11.03.15

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The Benoît Battistelli Way or the Highway: EPO Enlarged Board of Appeal is Being Discredited, SUEPO Web Site is Down Again

Posted in Europe, Patents at 2:09 pm by Dr. Roy Schestowitz

SUEPO site down

Summary: How the EBoA (Enlarged Board of Appeal) comes under attack from the EPO’s management, which does not tolerate challenge, as does the Web site of the staff union, which has been a target of censorship by EPO and is now down again (not for the first time in recent weeks)

ONE of the many themes in the EPO crisis has been an unrelenting assault on the boards of appeal, including the enlarged one, EBoA. We have covered many articles to that effect and shared some information exclusively. We also wrote about DDOS attacks on SUEPO's Web site (source unknown, but the likely suspect is known) and confirmed censorship by EPO of E-mails from SUEPO and some links posted in SUEPO's Web site (apparently takedown demands using threats). The assault on opposing opinions, not just on dissent (or even something which remotely resembles rebellion), is a terrible, unprecedented pattern that arguably goes further than Stasi-like surveillance on staff (a war on the minds, inducing self-censorship). Nothing is out of the question these days when it comes to preventing negative publicity. Today’s higher management at the EPO, collectively, has the moral level of Stalin’s regime. At this current pace of escalation, we’re not too far from mercenaries and snipers. The EPO’s management is already liaising with military-connected people and guarding Battistelli like he is some kind of a colonel visiting the Middle East. A bunch of people whispering within the European organisation (talking truth to each other) is treated like an act of treason or even a declaration of war by Battistelli et al. No wonder staff complaints are soaring.

Nothing is out of the question these days when it comes to preventing negative publicity.”“JUVE reports on the results of the user survey concerning the planned reform of the Boards of Appeals,” SUEPO wrote, but its Web site is down at the moment (it has had various different problems over the past month). SUEPO quotes from the article as follows: “45 patent attorneys took part in the survey, 13 in-house attorneys, and 22 international associations and user organizations, among them BusinessEurope, EPI or Union-IP. They were keen on the idea of greater independence for the Boards of Appeal, but criticised the planned regulations for the appointment and reappointment of the Board members included in the reform proposal [...] In the evaluation of the user survey, the EPO speaks only of divided opinions on the issue ofvlocation. The members of the Boards of Appeal, by contrast, have always regarded the proposals for a change of venue as being a kind of punishment for their uncomfortable stance in the discussion.”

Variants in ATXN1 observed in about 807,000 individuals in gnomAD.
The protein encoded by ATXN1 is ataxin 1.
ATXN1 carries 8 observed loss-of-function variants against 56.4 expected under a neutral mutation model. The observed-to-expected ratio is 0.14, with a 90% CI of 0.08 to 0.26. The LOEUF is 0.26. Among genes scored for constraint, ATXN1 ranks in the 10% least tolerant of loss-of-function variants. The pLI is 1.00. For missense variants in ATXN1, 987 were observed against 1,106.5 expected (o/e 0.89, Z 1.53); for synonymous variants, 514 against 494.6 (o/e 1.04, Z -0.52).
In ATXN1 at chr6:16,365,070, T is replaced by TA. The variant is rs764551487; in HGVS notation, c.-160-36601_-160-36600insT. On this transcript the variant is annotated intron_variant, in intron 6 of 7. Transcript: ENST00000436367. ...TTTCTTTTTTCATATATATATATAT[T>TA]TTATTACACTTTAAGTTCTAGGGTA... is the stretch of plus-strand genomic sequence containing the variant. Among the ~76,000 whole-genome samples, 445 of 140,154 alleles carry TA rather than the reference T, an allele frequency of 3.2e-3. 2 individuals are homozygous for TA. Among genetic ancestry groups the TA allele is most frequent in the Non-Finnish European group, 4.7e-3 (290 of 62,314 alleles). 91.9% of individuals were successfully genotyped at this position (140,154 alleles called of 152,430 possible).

It is actually an article from two weeks ago and there is this [PDF] English translation of it, which we are only able to retrieve from Google Cache at the moment (because SUEPO’s site is down again).

EPO: Users criticise Reform of Boards of Appeal

The people who use the European Patent Office (EPO) are keen on the idea of the independence of the Boards of Appeal being strengthened, but details of the planned reform are coming in for criticism, according to the results of a user survey published last week. The Boards of Appeal are the Office’s own court of instance, and plans are to reform it. Reform proposals by EPO President Benoît Battistelli are also coming under scrutiny.

45 patent attorneys took part in the survey, 13 in-house attorneys, and 22 international associations and user organizations, among them BusinessEurope, Epi or Union-IP. They were keen on the idea of greater independence for the Boards of Appeal, but criticised the planned regulations for the appointment and reappointment of the Board members included in the reform proposal. Specifically what criticism had been expressed was left unanswered by the EPO in its published evaluation, but it is fairly certain that those asked took particular exception to the planned involvement of the President. As well as this, participants also raised the issue that a higher proportion of members being recruited from outside, in comparison with former EPO examiners and jurists, could change the perception of the independence of the Boards of Appeal.

The planned new arrangement of a Board of Appeal Committee was welcomed by users. They pointed out, however, that this should not be allowed to undermine the independence of the Boards, while at the same time they pressed for participation in this committee.

The users also criticised the fact that the measures for strengthening independence are to be tempered by methods for increasing efficiency in one common package of reforms. From the user survey of the current patent system, the EPO drew the conclusion in particular that the “precise implementation” of the general guidelines described in the proposal for the reform of the Boards of Appeal is going to be the decisive factor.

The EPO is not revealing what conclusions it has drawn from the criticism, but in principle it is assumed that the results will be integrated into the planned reform.

Decades of conflict

The debate about more independence for the Boards of Appeal has been rumbling on for decades. This has involved above all representatives of the Boards of Appeal themselves, but patent attorneys and commercial concerns have also been demanding a clearer division between Office management and the EPO court. The conflict was escalated in December 2014, when Battistelli barred a member of the Boards from entering the building. The issues surrounding the judge have still not been settled, but in the wake of the incident the debate about the lack of independence has gained considerable momentum. In March Battistelli put forward his own proposals for reform, which provide for the creation of the Board of Appeal Committee as an independent supervisory body for the Boards but which is still subject to the influence of the Office management.

Battistelli’s plan provided for the implementation of the reform by the end of the year. The original timetable was blown off course in the summer, however, in the course of the user survey. Whether the Management Committee of the Office or its sub-committees will still be concerning themselves with the reform at the meetings still scheduled for this year is not yet known.